Nearly One Third of Darfur’s People Still Displaced, Despite Drop in Violence, Assistant Secretary-General Tells Security Council

Report
from UN Security Council
Published on 15 Nov 2017 View Original

SC/13069

Security Council
8103rd Meeting (AM)

Sudan Permanent Representative Faults ‘Contempt’ for Doha Document for Peace

The armed groups in Darfur today had largely been defeated, the ferocity of intercommunal violence had declined, and there had been no new large‑scale displacements, Bintou Keita, Assistant Secretary‑General for Peacekeeping Operations, told the Security Council today.

However, those positive developments had not led to the voluntary and sustainable return of internally displaced persons, Ms. Keita said, noting that nearly one third of Darfur’s population remained displaced. Presenting the Secretary‑General’s latest report on the African Union‑United Nations Hybrid Operation in Darfur (document S/2017/907), she said the slow returns reflected anxiety about security and lack of confidence about present and future prospects due to slow progress in addressing such issues as land, poor resource management, accountability, and security sector reform.

The political process to negotiate a settlement of the conflict in Darfur with non‑signatories to the Doha Document for Peace in Darfur remained stalled, she said, adding that armed clashes between Government and non‑signatory forces had subsided. The Government had begun the next stage of its disarmament campaign — the forced collection of weapons — which had raised tensions among militia groups not aligned with Government forces. Government forces, for their part, had clashed with the militia group allied to Musa Hilal near Korma, north Darfur, with both sides suffering an unconfirmed number of casualties, she said, adding that Government forces had begun house‑to‑house searches for weapons in Zalingei, central Darfur.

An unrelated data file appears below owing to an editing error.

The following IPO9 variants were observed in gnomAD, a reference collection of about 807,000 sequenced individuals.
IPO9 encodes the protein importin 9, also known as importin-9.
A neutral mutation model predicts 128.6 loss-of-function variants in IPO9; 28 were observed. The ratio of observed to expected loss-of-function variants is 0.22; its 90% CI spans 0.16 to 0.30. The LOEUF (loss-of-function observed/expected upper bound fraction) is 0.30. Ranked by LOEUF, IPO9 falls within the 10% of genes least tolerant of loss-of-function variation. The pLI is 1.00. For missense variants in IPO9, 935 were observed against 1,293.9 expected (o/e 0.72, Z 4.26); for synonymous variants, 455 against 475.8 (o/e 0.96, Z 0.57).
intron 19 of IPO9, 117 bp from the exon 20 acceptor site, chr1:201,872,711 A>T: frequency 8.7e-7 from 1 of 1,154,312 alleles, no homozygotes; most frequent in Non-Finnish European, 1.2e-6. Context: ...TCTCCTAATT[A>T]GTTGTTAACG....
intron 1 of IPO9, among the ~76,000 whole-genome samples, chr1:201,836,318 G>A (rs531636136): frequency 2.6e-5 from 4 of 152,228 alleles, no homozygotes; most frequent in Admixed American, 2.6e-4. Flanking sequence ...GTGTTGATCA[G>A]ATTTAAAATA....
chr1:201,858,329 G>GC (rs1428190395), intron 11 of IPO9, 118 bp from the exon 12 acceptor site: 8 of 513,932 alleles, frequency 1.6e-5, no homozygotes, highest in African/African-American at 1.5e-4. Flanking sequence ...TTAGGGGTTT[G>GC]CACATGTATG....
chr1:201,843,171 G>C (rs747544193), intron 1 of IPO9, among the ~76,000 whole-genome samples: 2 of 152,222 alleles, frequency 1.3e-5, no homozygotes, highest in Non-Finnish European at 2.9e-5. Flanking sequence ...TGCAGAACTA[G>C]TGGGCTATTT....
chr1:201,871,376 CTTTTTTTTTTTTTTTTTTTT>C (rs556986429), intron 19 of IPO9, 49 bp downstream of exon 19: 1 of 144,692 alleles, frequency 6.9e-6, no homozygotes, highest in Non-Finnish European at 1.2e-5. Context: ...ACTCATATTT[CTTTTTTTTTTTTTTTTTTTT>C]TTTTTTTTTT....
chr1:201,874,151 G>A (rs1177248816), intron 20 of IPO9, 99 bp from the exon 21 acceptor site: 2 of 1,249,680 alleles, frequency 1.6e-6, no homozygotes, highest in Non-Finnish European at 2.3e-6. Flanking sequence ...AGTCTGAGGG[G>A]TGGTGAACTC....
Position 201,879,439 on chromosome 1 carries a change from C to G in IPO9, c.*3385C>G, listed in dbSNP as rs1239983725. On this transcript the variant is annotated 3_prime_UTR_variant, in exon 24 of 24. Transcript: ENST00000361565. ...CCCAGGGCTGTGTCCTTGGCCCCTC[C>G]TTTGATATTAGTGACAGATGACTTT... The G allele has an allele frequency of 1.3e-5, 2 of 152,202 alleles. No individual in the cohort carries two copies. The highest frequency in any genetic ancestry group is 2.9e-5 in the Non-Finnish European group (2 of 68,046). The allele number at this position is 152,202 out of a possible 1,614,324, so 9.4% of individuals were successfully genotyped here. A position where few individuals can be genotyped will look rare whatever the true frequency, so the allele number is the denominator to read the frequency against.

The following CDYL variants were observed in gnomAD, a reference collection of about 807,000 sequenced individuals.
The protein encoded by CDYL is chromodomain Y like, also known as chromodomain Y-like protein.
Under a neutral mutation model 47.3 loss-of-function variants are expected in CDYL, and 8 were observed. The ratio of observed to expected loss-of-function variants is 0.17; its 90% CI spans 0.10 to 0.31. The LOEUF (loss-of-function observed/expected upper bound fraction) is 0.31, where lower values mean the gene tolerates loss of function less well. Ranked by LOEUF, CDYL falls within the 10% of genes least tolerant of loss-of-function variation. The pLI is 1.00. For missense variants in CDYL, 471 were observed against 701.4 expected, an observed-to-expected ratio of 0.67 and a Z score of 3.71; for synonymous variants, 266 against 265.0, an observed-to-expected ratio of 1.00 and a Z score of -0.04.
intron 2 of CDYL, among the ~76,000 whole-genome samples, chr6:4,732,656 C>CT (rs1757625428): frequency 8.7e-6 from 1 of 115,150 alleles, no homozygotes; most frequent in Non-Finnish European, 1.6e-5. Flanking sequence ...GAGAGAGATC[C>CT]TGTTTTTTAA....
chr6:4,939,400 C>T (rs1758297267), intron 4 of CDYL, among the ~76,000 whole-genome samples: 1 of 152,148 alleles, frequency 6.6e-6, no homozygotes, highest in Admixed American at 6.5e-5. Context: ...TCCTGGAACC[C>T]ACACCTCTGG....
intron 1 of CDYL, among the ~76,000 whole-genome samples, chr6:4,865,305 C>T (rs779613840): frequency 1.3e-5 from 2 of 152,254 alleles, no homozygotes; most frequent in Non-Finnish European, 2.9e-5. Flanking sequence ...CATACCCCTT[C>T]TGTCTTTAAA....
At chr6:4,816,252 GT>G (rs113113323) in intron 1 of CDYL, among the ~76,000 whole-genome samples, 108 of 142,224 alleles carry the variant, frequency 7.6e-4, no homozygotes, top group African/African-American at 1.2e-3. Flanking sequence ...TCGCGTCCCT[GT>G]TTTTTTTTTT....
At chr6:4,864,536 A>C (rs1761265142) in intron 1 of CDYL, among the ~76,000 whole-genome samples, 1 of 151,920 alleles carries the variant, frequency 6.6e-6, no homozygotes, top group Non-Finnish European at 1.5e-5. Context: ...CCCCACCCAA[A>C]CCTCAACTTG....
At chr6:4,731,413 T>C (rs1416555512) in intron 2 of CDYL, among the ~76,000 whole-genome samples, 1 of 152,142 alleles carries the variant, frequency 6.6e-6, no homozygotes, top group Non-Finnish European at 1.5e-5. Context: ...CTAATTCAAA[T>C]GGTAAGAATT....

She went on to report that intercommunal violence also persisted, citing continuing tensions involving internally displaced persons, the Arab community, and the Sudan Liberation Army/Popular Defence (SLA/PD) in Sortony, north Darfur. On 7 November, the African Union‑United Nations Hybrid Operation in Darfur (UNAMID) had prevented a group of armed Arabs from entering the internally displaced persons site, she said, adding that on 10 November, the mission had intercepted a group of Arab nomads firing randomly on the outskirts of Sortony.

UNAMID continued to work with local authorities and communities to promote grassroots‑level reconciliation and stabilization, she said. Emphasizing the importance of augmenting capacity to support longer‑term peacebuilding activities, she said UNAMID and the United Nations country team had finalized the integrated strategic framework for 2017‑2019, which set out priorities on the rule of law and human rights, durable solutions, and peacebuilding for human security. With the closure of 11 team sites and reduced numbers of military and police personnel, the mission’s civilian staffing had been readjusted and its budget for 2017‑2018 revised, she said.

Ms. Keita went on to report that the Jebel Marra Task Force would become operational on 1 January 2018, but voiced regret that the allocation of land on which to open a new team site in Golo was still pending. Establishing that new team site would be essential to underpinning the concept of reconfiguring UNAMID, and went hand in hand with the mission’s withdrawal from more stable parts of Darfur.

Notwithstanding Government efforts to combat criminality, the arms collection campaign and the deployment of the Rapid Support Forces would require careful management, she stressed, warning that further escalation of disarmament‑related tensions could also affect communal dynamics among militias and other competing groups.